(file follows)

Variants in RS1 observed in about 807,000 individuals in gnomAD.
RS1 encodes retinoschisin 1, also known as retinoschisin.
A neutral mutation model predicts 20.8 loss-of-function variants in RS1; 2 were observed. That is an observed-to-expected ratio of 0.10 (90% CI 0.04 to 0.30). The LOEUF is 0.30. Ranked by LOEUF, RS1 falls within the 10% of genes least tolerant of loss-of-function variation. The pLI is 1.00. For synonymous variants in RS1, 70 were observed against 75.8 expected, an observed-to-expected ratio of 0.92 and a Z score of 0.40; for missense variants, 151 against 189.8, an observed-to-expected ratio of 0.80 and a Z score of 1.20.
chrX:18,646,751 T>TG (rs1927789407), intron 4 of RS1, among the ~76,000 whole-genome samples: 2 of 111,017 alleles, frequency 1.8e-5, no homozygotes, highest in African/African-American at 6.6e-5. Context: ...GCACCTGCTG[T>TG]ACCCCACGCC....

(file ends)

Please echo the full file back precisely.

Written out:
Variants in RS1 observed in about 807,000 individuals in gnomAD.
RS1 encodes retinoschisin 1, also known as retinoschisin.
A neutral mutation model predicts 20.8 loss-of-function variants in RS1; 2 were observed. That is an observed-to-expected ratio of 0.10 (90% CI 0.04 to 0.30). The LOEUF is 0.30. Ranked by LOEUF, RS1 falls within the 10% of genes least tolerant of loss-of-function variation. The pLI is 1.00. For synonymous variants in RS1, 70 were observed against 75.8 expected, an observed-to-expected ratio of 0.92 and a Z score of 0.40; for missense variants, 151 against 189.8, an observed-to-expected ratio of 0.80 and a Z score of 1.20.
chrX:18,646,751 T>TG (rs1927789407), intron 4 of RS1, among the ~76,000 whole-genome samples: 2 of 111,017 alleles, frequency 1.8e-5, no homozygotes, highest in African/African-American at 6.6e-5. Context: ...GCACCTGCTG[T>TG]ACCCCACGCC....